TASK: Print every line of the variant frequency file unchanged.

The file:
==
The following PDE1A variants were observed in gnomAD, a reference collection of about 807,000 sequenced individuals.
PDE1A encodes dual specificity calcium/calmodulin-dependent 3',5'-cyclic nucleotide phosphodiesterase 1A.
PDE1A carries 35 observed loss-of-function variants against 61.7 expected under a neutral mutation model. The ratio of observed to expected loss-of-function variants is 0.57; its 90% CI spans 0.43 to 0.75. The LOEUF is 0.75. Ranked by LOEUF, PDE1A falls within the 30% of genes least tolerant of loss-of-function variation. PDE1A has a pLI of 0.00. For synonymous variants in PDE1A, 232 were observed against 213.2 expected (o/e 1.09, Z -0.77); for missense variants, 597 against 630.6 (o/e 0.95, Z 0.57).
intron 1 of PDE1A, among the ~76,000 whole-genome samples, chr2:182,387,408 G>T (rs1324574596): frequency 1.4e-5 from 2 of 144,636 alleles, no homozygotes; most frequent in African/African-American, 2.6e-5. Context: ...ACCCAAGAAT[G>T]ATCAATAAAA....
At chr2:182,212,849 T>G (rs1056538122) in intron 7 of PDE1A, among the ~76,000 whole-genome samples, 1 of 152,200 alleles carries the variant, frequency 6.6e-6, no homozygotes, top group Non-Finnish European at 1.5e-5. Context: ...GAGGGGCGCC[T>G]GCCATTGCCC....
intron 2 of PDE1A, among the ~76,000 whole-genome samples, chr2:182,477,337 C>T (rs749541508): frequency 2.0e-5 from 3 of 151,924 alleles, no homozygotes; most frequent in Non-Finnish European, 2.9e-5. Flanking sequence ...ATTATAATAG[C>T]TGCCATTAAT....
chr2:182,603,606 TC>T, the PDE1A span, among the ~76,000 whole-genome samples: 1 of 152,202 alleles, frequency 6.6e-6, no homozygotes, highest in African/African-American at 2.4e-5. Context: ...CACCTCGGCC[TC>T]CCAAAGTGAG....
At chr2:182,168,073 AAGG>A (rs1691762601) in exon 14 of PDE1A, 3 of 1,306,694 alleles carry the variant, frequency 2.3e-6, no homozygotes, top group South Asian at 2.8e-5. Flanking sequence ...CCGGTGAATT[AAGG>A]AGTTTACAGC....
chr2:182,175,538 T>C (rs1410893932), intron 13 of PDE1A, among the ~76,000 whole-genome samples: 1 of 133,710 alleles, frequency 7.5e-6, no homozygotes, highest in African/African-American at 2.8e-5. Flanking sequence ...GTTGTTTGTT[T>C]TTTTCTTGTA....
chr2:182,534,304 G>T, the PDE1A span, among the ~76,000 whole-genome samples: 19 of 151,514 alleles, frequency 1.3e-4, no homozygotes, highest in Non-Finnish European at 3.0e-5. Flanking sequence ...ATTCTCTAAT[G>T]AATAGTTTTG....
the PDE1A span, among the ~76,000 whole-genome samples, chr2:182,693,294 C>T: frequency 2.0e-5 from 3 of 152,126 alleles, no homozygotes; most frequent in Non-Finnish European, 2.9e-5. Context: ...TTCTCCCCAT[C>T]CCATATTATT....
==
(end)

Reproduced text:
The following PDE1A variants were observed in gnomAD, a reference collection of about 807,000 sequenced individuals.
PDE1A encodes dual specificity calcium/calmodulin-dependent 3',5'-cyclic nucleotide phosphodiesterase 1A.
PDE1A carries 35 observed loss-of-function variants against 61.7 expected under a neutral mutation model. The ratio of observed to expected loss-of-function variants is 0.57; its 90% CI spans 0.43 to 0.75. The LOEUF is 0.75. Ranked by LOEUF, PDE1A falls within the 30% of genes least tolerant of loss-of-function variation. PDE1A has a pLI of 0.00. For synonymous variants in PDE1A, 232 were observed against 213.2 expected (o/e 1.09, Z -0.77); for missense variants, 597 against 630.6 (o/e 0.95, Z 0.57).
intron 1 of PDE1A, among the ~76,000 whole-genome samples, chr2:182,387,408 G>T (rs1324574596): frequency 1.4e-5 from 2 of 144,636 alleles, no homozygotes; most frequent in African/African-American, 2.6e-5. Context: ...ACCCAAGAAT[G>T]ATCAATAAAA....
At chr2:182,212,849 T>G (rs1056538122) in intron 7 of PDE1A, among the ~76,000 whole-genome samples, 1 of 152,200 alleles carries the variant, frequency 6.6e-6, no homozygotes, top group Non-Finnish European at 1.5e-5. Context: ...GAGGGGCGCC[T>G]GCCATTGCCC....
intron 2 of PDE1A, among the ~76,000 whole-genome samples, chr2:182,477,337 C>T (rs749541508): frequency 2.0e-5 from 3 of 151,924 alleles, no homozygotes; most frequent in Non-Finnish European, 2.9e-5. Flanking sequence ...ATTATAATAG[C>T]TGCCATTAAT....
chr2:182,603,606 TC>T, the PDE1A span, among the ~76,000 whole-genome samples: 1 of 152,202 alleles, frequency 6.6e-6, no homozygotes, highest in African/African-American at 2.4e-5. Context: ...CACCTCGGCC[TC>T]CCAAAGTGAG....
At chr2:182,168,073 AAGG>A (rs1691762601) in exon 14 of PDE1A, 3 of 1,306,694 alleles carry the variant, frequency 2.3e-6, no homozygotes, top group South Asian at 2.8e-5. Flanking sequence ...CCGGTGAATT[AAGG>A]AGTTTACAGC....
chr2:182,175,538 T>C (rs1410893932), intron 13 of PDE1A, among the ~76,000 whole-genome samples: 1 of 133,710 alleles, frequency 7.5e-6, no homozygotes, highest in African/African-American at 2.8e-5. Flanking sequence ...GTTGTTTGTT[T>C]TTTTCTTGTA....
chr2:182,534,304 G>T, the PDE1A span, among the ~76,000 whole-genome samples: 19 of 151,514 alleles, frequency 1.3e-4, no homozygotes, highest in Non-Finnish European at 3.0e-5. Flanking sequence ...ATTCTCTAAT[G>T]AATAGTTTTG....
the PDE1A span, among the ~76,000 whole-genome samples, chr2:182,693,294 C>T: frequency 2.0e-5 from 3 of 152,126 alleles, no homozygotes; most frequent in Non-Finnish European, 2.9e-5. Context: ...TTCTCCCCAT[C>T]CCATATTATT....